Programs with Multiple Choice Questions: The multiple-choice component of the bar exam is academically rigorous and unavoidable. Equal to and potentially harder than the multiple-choice questions you confronted in law school, these dense questions test the “Big Seven” areas of law (i.e., Torts, Property, Contracts, Federal Rules of Civil Procedure, Criminal Law, Constitutional Law, and Evidence). The seven subject matters are all mixed together and you are never told which subject a question is testing you on. Many times, correct answers can turn on a single word or phrase. How fun!
As is often the case with a standardized test, these questions can be harder for people less familiar with the culture or language. Therefore, you’ve got to consistently practice these questions throughout your entire bar exam preparation process. To do so, I strongly suggest the program Adaptibar. It uses all of the authentic Multistate Bar Exam (MBE) questions written by the National Conference of Bar Examiners (NCBE) that have appeared on previous exams. Impressively, it tracks your areas of expertise and weakness, and then adjusts the presentation of questions accordingly. It is like having an automated tutor for multiple choice questions; how great is that?
Bottom line: You can conquer the multiple-choice component of the bar, but only through the diligent practice of all seven areas of law.
Practice, Practice, Practice!
In many respects, the bar exam is a race horse exam. Time is not your friend, and there never seems to be enough of it! Even if you understand the law incredibly well, it can be nearly impossible to write it all down in the time allowed. This is especially true for ESL students and foreign lawyers. By using attack plans you created in law school or will be creating in the weeks leading up to the bar, you will find it much easier to focus on analysis and write quickly.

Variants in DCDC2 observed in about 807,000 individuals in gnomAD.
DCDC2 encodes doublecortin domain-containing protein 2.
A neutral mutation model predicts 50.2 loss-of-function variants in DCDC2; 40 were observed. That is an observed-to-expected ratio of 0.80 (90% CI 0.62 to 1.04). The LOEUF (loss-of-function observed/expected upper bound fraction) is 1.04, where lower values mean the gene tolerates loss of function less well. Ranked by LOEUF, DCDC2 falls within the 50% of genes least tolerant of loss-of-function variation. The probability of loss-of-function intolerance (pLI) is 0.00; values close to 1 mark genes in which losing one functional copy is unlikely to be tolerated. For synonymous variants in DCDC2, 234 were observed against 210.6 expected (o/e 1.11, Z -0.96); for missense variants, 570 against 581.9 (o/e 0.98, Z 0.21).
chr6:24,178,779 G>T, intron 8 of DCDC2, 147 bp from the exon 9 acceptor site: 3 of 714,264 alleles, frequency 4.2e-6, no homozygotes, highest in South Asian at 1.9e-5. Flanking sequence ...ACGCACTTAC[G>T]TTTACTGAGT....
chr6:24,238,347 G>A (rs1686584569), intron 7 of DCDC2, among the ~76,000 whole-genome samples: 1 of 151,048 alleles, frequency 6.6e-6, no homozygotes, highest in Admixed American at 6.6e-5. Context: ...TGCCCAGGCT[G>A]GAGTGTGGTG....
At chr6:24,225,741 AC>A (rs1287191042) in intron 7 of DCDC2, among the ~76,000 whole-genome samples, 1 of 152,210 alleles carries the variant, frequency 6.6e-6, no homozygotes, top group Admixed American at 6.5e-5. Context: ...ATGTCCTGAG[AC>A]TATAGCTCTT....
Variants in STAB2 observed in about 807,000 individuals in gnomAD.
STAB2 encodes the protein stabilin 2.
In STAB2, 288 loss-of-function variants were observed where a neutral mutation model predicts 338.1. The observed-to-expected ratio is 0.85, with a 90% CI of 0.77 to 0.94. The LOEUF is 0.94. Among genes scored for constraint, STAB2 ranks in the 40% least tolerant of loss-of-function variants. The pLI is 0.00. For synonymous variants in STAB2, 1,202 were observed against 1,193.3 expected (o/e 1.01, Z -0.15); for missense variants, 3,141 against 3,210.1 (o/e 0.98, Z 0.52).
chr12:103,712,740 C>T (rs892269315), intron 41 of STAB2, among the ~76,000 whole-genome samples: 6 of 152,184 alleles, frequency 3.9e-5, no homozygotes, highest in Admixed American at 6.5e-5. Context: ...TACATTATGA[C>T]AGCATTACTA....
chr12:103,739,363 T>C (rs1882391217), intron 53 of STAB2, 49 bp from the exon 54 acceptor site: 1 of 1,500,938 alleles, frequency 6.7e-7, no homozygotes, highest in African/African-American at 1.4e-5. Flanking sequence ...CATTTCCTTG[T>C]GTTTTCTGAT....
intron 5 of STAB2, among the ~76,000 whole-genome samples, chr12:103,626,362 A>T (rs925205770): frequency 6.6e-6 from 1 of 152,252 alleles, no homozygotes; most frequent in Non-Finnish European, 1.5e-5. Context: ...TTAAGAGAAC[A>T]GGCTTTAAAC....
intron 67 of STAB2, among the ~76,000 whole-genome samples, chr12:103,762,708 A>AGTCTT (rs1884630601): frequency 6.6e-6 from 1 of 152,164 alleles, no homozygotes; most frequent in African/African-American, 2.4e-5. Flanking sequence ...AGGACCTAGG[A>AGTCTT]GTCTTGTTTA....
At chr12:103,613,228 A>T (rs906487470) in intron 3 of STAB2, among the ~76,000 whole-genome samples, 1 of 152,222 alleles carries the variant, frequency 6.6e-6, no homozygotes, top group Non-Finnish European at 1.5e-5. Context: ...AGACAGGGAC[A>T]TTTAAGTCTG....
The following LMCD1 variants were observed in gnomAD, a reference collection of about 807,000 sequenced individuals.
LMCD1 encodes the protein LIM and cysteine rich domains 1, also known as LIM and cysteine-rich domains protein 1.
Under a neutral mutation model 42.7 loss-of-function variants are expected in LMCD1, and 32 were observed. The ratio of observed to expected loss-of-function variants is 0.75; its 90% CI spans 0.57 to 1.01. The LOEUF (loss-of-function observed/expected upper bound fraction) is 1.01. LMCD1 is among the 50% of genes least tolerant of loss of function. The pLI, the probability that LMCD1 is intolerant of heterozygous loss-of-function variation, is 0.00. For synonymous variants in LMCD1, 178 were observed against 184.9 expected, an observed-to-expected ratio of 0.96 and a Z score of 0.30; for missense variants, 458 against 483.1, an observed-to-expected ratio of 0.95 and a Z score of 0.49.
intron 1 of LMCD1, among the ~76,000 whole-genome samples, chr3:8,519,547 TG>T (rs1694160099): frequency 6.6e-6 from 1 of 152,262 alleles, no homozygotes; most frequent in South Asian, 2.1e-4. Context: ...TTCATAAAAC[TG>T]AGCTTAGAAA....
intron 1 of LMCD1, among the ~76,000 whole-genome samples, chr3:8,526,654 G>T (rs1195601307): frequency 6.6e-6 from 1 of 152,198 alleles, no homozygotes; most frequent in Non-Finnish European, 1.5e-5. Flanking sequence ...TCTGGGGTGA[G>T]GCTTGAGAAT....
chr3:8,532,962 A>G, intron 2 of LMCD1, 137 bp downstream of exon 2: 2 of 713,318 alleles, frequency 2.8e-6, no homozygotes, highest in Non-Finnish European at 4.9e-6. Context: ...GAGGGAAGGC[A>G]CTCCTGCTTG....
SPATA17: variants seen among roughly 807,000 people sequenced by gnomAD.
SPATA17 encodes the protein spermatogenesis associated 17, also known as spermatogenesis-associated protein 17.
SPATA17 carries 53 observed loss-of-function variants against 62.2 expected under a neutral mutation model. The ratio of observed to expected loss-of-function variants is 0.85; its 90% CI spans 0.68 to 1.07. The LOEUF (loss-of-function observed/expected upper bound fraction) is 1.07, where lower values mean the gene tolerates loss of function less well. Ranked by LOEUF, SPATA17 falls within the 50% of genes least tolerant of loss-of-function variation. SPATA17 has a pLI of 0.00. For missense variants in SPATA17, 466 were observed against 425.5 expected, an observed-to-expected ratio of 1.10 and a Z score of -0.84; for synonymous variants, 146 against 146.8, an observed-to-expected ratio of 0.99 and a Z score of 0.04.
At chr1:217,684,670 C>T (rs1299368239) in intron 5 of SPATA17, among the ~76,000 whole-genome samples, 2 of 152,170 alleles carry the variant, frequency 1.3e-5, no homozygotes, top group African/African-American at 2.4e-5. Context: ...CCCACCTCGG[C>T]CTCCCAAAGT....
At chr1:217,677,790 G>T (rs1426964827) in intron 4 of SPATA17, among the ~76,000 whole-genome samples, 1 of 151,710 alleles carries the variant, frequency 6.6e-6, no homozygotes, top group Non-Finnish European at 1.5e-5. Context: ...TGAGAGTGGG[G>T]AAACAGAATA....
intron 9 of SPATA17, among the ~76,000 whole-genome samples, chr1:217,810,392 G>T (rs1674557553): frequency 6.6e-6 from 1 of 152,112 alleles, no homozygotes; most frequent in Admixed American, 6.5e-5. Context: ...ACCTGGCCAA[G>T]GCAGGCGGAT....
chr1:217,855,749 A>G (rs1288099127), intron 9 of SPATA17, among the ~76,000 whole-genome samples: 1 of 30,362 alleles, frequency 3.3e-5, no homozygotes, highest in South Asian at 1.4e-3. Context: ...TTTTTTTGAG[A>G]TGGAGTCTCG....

Do not avoid writing practice essays and performance tests or taking practice multiple choice questions. Also, make sure in the last month or more of studying that your practice is under timed conditions.
Bottom line: The more you avoid exam-like practice before the bar, the less prepared you will be. The more your practice mirrors exam-like conditions, the better prepared you will be. So, embrace the inevitable and conquer your fears!
The Change in California from a Three-Day Exam to a Two-Day Exam
If you are taking the bar exam in California, you likely already know that the exam is being scaled back from a three-day exam to a two-day exam. The differences are talked about in greater detail here, but I wanted to note a few things for ESL students to consider. First, this change may help you, because the performance test has been substantially reduced. Instead of two 3-hour performance tests, there will only be one 90-minute performance test. This means that the weight given to the writing portion will substantially reduced, which will really help those of you that are not entirely comfortable reading quickly in English (and, frankly, many of your English-only speaking counterparts may enjoy this change for the same reason). This also means that the MBE section is going to carry more weight, which is great if you are better at taking multiple choice questions than answering essays.
Bottom line: Whether you are taking the bar in California or in another one of America’s great states, just like in law school, you can succeed! Now, get out there and do it!
For more articles related to passing the bar as an ESL student, check out following:
- Preparing for the Bar as a Foreign Lawyer
- How to Navigate Law School as an ESL Student
- Taking the Bar as a Foreign Lawyer
- Wondering What an Attack Plan is?
- What are Bar Exam Graders Really Looking For?